ADDRESS: 35 Rue du Chevalier de la Barre, 75018 Paris, France

5. It Has Its Own Vineyard

There is no other suburb in Paris that possessed this claim to fame.

The Clos Montmartre is a small, private vineyard on the piece of land just behind the Montmartre Museum. You can view the vineyard from the Jardins Renoir inside the Museum grounds.

You’ll actually have to go to the Renoir gardens if you’d like to see this beautiful orchard; the vineyard is not currently open to the public.

Montmartre Vineyard – by Son of Groucho – Wikimedia Commons

The vineyard was originally started as a conservation project by the city if Paris who were trying to limit the amount of land that could be developed into housing in Montmartre.

Once a year the fruits of the vineyard are reaped in a great festival called La Fête des Vendanges. It’s a five day celebration of wine, food, music and crafts that takes place throughout different parts of the village.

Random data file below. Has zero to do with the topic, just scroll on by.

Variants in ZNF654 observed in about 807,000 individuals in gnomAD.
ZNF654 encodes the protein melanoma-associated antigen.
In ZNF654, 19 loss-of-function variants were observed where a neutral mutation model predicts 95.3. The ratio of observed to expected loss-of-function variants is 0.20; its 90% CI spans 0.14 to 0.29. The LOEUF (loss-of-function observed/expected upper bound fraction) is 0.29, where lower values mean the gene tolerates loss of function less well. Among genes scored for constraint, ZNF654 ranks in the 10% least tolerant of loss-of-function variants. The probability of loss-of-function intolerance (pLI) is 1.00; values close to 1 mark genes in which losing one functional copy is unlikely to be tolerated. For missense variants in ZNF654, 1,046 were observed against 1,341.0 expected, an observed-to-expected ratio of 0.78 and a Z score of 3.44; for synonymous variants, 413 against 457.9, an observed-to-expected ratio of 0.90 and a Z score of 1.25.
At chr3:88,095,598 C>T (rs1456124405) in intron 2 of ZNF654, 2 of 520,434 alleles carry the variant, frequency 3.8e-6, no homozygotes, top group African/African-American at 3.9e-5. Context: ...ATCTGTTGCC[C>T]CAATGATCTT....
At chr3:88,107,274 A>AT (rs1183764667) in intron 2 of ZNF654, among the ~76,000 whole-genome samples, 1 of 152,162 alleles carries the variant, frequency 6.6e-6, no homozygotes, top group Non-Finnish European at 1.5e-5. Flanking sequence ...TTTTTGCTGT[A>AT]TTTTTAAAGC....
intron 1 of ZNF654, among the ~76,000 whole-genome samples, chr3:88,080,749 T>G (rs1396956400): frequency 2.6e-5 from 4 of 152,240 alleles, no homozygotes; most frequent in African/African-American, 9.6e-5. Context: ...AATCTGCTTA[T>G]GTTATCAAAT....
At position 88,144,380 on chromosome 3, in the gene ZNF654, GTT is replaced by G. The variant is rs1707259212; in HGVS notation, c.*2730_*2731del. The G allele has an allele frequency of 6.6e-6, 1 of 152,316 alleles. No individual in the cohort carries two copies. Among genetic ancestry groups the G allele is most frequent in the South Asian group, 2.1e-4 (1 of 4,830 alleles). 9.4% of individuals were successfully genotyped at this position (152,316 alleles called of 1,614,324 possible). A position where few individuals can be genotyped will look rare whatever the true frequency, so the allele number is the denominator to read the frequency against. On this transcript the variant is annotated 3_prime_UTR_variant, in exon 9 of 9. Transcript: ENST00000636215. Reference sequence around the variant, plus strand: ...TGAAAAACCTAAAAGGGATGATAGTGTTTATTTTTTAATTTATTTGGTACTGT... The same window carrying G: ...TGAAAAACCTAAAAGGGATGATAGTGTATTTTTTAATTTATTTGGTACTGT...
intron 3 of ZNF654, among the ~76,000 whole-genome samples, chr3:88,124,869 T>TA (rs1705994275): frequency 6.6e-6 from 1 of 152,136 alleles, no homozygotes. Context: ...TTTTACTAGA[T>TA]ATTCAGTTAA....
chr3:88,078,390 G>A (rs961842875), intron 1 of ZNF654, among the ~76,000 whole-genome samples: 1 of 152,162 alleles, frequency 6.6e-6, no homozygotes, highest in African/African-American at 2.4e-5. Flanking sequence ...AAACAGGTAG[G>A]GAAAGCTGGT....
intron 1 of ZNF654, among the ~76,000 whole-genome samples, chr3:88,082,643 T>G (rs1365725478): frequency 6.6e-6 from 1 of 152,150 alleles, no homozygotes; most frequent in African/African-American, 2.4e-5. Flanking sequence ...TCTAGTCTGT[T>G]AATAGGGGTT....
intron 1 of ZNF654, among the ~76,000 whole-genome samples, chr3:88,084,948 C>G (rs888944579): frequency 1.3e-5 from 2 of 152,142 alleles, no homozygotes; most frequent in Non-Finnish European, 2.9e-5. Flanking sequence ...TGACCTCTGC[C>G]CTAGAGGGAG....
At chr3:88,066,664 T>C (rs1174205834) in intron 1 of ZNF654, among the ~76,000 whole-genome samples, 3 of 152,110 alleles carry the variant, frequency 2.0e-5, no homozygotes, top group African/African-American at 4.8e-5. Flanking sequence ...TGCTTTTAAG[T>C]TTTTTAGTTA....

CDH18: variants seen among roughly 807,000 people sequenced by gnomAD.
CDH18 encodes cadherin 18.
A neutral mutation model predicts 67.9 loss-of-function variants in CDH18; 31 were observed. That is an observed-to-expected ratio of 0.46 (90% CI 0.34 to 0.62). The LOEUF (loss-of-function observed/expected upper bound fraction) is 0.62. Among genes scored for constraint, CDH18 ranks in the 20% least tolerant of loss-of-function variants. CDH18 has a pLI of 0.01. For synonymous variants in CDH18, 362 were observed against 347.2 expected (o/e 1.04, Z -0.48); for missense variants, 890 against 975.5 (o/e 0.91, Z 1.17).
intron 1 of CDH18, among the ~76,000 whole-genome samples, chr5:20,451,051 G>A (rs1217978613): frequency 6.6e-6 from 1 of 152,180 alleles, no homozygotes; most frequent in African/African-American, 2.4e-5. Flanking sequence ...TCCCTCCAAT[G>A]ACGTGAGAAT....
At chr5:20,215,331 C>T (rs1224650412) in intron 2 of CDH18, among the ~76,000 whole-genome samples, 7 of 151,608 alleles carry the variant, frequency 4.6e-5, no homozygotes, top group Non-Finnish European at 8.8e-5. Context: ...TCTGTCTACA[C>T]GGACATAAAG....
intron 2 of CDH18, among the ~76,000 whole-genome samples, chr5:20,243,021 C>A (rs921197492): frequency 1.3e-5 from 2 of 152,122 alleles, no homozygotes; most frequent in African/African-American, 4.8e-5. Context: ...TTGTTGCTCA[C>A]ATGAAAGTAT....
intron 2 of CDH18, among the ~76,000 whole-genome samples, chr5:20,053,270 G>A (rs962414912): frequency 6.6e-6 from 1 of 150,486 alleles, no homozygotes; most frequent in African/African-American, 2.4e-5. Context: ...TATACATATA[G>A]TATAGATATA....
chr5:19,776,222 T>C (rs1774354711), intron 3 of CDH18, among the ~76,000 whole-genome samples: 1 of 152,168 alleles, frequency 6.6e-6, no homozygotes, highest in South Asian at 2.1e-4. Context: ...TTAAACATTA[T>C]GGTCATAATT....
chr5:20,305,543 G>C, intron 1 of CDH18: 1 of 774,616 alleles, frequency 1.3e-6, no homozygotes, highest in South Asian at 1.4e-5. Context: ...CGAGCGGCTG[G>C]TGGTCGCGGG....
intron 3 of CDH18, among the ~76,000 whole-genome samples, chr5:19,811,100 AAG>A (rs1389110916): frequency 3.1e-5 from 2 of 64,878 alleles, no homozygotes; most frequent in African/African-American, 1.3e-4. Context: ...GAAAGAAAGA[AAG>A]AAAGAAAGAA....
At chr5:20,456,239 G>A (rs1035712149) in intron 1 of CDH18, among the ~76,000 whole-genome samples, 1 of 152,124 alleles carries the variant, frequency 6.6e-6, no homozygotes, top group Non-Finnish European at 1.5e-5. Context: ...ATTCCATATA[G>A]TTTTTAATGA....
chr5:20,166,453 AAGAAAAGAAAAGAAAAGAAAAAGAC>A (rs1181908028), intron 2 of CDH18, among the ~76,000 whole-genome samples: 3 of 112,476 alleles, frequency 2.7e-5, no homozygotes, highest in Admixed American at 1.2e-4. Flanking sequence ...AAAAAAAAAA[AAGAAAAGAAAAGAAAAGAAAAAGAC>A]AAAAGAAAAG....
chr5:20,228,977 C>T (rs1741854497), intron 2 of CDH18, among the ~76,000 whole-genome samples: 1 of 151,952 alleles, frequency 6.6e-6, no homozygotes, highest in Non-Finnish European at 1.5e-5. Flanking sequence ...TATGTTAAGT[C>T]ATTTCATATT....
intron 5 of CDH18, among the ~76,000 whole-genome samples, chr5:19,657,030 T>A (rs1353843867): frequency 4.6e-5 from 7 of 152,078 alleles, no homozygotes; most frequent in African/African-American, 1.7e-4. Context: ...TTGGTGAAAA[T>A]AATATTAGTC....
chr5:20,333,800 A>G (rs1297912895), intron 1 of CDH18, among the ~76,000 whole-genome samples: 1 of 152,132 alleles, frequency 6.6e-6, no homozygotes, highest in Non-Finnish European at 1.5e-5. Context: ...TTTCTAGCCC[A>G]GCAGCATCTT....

This happens in October, and anywhere between 1000 to 1700 bottles of wine are made from the vines in the Clos Montmartre & then auctioned off with all proceeds going to charity.

ADDRESS: Rue des Saules, 75018 Paris, France

6. There is an Entire Wall Dedicated to Love

A wall of love, in the village we love, in the city of love, what’s not to love?

The I Love You Wall is a 40ft art installation that lives in the square just opposite the Abbesses metro stop.

Everyday people from around the world make their way to Montmartre just to be in the presence of this beautiful piece. The wall features the words “I love you” in over 250 languages and dialects from around the world.

I Love You Wall in Montmartre – by Paris 16 – Wikimedia Commons

The intention of the piece is, as you’d probably guessed, love, tolerance and unity for all mankind. It’s a reminder for both the people of Paris and travelers to the city that Paris is a place of inclusion for all.